articlemostwanted - Commonly known as sugar leaf, honey leaf, or sweet leaf of Paraguay, stevia is a small South American shrub whose narrow leaves are nearly 50 times as sweet as ordinary table sugar. The Guarani Indians of Paraguay called the herb ka’a he’ê, meaning “sweet herb.” The Guarani used stevia leaves to sweeten bitter yerba maté and other beverages and to improve the taste of herbal medicines. They also employed the herb medicinally as a tonic for the heart, to help lower blood pressure, to relieve heartburn and kidney ailments, and to dull cravings for sweets.
Spanish explorers noted how indigenous tribes used stevia, and by the 1800s, European settlers in Paraguay, Brazil, and Argentina were also consuming the herb, primarily as a sweetener for tea. In 1899 Swiss botanist Moisés Bertoni, then director of an agriculture college in Asunción, Paraguay, published the first description of the plant. He named it S. rebaudiana to honor Paraguayan chemist Ovidio Rebaudi, who conducted the first analysis of stevia’s chemical components. The genus name, Stevia, honors Peter James Esteve, a 16th-century Spanish professor of botany. Stevia is still called estévia in most Spanish-speaking countries.
Insulin resistance (prediabetes)
High blood pressure
Stevia could have a brilliant future. A powerful sweetener with no calories, stevia could be a dietary phenomenon, especially for people watching calories and carbs. If this noncaloric sweetener should take the place of high-glycemic white sugar, the quality of carbohydrates in the diet would improve—with benefits for teeth, blood sugar, and digestion. Further, stevia may directly affect the hormones and mechanisms involved with elevated blood sugar in diabetics, thus helping to lower sugar levels and to protect against the effects of high sugar levels.
Most of the benefits of stevia come from a compound called stevioside, which occurs primarily in the leaves, accounting for 4 to 20 percent of the weight of the dry leaves. A compound similar in structure to stevioside and thought to have some physiological effects is rebaudioside A. Some animal studies show that stevia does not affect glucose absorption, though it may promote insulin release from the pancreas, increase sensitivity to insulin throughout the body, and slow glucose production in the liver. In humans, one study involved 12 people with type 2 diabetes. Researchers examined the use of 1 g of an extract (consisting of 91 percent stevioside and 4 percent rebaudioside A) or placebo with a meal. After the meal, those receiving the stevia extract had a lower glucose level than the placebo group did, possibly as a result of increased insulin secretion (which brings down blood sugar).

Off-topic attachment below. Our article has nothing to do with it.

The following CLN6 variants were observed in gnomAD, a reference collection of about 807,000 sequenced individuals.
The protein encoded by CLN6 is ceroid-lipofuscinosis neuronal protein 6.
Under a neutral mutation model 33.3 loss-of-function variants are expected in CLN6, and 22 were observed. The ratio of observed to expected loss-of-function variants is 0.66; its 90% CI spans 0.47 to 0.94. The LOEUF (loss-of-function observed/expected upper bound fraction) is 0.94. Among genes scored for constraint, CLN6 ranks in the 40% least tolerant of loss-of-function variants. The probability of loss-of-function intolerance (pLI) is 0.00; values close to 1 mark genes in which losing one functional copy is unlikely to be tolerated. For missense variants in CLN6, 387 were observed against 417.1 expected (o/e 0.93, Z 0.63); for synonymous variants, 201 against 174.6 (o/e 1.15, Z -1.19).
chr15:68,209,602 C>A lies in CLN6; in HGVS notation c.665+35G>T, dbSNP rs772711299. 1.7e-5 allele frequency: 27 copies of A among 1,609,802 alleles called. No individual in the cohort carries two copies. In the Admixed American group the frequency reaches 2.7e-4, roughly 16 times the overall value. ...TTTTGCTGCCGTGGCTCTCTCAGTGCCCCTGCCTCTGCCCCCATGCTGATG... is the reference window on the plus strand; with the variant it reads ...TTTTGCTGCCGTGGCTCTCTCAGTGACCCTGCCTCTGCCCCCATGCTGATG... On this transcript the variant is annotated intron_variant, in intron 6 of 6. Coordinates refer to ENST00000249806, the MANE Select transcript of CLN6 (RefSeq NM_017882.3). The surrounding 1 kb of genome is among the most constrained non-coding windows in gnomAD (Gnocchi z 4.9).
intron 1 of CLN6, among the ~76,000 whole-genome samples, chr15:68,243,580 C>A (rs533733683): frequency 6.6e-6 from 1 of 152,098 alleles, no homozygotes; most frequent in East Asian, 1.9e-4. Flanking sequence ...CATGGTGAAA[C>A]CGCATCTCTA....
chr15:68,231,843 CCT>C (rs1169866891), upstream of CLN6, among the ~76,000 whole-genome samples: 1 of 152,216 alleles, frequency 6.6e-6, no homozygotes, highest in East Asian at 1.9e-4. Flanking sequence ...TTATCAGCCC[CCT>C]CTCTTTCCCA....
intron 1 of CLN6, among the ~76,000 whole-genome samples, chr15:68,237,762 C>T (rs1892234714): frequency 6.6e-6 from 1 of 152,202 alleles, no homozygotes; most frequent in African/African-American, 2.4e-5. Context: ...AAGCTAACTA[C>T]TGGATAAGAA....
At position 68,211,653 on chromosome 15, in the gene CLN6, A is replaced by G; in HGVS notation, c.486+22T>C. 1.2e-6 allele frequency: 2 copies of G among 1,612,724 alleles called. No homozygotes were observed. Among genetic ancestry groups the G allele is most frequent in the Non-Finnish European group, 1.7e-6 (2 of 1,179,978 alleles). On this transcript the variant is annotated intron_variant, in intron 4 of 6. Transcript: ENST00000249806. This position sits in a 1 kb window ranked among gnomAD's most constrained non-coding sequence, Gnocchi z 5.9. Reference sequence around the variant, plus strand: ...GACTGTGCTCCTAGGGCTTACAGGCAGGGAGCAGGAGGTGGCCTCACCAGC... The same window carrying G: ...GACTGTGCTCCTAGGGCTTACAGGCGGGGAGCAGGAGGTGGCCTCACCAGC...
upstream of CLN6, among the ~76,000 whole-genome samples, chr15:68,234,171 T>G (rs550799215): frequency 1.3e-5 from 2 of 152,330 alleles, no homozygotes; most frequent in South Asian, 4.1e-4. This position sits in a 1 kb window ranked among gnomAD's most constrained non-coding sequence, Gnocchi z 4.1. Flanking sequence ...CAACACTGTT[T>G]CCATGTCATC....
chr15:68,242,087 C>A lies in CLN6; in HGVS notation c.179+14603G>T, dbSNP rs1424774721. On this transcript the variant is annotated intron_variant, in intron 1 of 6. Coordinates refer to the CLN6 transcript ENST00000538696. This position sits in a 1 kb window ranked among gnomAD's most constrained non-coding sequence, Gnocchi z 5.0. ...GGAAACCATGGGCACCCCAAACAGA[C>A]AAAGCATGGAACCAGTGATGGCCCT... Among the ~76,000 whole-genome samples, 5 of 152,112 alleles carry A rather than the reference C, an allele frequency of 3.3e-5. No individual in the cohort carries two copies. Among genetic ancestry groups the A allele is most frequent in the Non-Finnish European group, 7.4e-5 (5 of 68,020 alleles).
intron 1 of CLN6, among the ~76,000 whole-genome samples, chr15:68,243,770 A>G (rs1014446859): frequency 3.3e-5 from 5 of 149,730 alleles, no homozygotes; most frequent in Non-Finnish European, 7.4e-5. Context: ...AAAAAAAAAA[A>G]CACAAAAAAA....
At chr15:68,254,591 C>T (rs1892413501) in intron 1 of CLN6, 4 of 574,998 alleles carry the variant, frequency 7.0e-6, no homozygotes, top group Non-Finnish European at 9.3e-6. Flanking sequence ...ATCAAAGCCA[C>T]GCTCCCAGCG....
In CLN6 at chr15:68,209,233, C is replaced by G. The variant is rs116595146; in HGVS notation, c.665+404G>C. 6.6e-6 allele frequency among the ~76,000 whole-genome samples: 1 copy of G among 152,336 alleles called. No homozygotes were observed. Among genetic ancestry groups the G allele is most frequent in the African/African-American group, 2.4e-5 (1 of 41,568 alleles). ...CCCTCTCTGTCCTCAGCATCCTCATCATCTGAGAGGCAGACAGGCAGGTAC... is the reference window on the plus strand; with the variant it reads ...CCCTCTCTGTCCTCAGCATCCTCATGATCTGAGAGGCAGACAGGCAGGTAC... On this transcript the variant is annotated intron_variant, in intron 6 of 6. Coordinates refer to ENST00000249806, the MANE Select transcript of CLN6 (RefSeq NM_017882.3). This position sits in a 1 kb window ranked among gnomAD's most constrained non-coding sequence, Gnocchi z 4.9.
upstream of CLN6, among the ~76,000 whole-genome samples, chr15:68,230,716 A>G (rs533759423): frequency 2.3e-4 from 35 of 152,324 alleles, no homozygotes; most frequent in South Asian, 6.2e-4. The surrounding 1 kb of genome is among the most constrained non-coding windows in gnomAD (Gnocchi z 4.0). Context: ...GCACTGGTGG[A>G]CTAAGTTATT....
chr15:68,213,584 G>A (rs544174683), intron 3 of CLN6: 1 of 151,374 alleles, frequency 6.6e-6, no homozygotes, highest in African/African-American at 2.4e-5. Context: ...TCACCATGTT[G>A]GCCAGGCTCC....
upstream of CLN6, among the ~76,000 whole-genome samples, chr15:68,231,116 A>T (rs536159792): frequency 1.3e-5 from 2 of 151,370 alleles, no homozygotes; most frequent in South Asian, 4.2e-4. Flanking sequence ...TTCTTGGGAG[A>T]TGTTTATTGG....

The blood pressure–lowering effects of stevioside and rebaudioside A also have been studied, and results have been mixed. Some clinical trials demonstrated a decrease in both systolic and diastolic blood pressure with these compounds, while other trials contradicted these results. This effect needs further study.
How to Use
Powder: Stevia leaf, in powder form, can simply be used as a sugar substitute in various ways, such as sprinkling as a sweetener on food, in hot beverages, or in most recipes.
Liquid extract: Glycerin extracts are available, often standardized to the primary component of stevia leaf, stevioside. Several drops of these extracts can be added to food as a sweetener.
The safety of the chemical compound stevioside and of whole stevia leaf has been evaluated extensively in laboratory tests looking at possible toxic, genetic, or cancer-causing effects. Both have been determined to be safe when used as a sweetener. Care should be taken when stevia is used in combination with medications that also lower blood sugar. Uncommonly, stevia can cause stomach upset.
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